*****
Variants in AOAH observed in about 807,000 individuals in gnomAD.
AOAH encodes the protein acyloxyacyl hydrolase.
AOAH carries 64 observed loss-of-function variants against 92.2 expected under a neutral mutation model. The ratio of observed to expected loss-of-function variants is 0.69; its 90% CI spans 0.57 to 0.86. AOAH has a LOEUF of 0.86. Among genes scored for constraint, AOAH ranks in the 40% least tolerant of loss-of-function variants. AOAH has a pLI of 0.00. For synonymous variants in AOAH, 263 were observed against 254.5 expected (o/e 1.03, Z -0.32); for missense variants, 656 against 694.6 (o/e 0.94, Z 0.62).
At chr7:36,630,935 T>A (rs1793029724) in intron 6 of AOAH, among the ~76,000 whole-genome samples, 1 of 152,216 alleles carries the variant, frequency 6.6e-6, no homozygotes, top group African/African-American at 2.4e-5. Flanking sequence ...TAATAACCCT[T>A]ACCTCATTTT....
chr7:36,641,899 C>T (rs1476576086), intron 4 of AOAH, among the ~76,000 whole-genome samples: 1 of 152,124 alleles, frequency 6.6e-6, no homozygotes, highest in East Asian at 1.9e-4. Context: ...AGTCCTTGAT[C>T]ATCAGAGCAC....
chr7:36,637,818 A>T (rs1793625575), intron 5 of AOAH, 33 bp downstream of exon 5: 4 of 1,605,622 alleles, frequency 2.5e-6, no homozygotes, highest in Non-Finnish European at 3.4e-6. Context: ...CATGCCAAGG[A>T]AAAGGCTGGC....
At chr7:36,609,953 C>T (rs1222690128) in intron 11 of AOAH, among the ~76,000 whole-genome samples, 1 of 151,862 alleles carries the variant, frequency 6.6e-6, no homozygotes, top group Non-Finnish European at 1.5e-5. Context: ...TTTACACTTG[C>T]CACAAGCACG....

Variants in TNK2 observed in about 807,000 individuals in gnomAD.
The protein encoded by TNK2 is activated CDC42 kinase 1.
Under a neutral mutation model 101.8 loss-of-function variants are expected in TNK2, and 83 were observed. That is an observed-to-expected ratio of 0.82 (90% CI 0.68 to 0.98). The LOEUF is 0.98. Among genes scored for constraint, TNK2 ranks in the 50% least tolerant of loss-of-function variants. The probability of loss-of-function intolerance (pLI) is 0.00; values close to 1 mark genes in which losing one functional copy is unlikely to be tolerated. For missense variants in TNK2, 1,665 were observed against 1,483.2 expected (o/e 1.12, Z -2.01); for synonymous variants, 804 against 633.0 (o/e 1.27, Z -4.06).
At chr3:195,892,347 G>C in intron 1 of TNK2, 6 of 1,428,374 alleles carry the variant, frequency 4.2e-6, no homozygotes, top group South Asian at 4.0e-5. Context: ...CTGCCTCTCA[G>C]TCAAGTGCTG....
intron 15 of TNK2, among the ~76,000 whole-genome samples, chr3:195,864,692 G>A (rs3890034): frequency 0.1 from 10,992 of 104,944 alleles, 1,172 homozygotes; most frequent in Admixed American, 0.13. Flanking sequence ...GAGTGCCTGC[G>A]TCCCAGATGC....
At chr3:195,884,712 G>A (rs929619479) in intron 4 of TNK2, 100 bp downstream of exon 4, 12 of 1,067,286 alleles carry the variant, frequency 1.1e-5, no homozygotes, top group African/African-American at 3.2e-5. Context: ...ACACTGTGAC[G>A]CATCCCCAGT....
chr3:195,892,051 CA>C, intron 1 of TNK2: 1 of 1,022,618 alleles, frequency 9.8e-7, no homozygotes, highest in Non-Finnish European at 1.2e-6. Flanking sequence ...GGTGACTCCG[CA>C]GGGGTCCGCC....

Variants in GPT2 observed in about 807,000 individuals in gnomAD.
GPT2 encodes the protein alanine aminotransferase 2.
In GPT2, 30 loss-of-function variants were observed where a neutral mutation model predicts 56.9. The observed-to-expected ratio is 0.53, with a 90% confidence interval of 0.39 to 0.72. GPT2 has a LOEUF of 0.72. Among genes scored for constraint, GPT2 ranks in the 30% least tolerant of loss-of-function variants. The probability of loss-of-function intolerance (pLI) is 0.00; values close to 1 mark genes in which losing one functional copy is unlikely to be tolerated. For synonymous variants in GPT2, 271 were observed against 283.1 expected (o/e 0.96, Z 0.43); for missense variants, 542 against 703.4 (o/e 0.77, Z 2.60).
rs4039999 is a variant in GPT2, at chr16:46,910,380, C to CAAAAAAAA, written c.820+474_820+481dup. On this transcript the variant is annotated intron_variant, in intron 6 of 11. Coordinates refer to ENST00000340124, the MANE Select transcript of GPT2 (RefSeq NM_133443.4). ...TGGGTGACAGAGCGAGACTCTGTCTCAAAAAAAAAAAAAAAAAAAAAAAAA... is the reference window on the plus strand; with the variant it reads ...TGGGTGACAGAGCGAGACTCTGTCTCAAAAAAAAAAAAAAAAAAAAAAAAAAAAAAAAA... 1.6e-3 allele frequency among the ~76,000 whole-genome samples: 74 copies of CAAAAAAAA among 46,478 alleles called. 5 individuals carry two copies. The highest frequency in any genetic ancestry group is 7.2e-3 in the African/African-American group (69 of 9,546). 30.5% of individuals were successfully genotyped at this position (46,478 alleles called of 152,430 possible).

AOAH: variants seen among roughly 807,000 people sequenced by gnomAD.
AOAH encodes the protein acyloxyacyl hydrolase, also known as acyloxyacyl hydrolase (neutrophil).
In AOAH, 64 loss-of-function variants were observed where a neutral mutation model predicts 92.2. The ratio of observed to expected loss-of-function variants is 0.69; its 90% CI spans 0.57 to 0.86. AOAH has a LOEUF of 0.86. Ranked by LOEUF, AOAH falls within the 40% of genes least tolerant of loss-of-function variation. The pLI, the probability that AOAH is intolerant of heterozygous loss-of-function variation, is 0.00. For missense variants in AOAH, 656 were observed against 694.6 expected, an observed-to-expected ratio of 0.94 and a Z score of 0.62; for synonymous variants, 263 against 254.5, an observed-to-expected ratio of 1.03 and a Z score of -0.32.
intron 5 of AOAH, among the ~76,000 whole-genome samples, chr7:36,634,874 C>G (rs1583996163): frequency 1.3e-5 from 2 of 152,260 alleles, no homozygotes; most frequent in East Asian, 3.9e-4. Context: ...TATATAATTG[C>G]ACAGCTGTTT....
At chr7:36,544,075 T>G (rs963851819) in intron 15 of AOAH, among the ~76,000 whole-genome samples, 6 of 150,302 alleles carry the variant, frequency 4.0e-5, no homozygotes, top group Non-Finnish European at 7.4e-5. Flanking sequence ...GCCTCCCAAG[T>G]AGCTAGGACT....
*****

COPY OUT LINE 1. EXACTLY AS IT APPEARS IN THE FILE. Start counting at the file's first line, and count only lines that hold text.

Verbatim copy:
Variants in AOAH observed in about 807,000 individuals in gnomAD.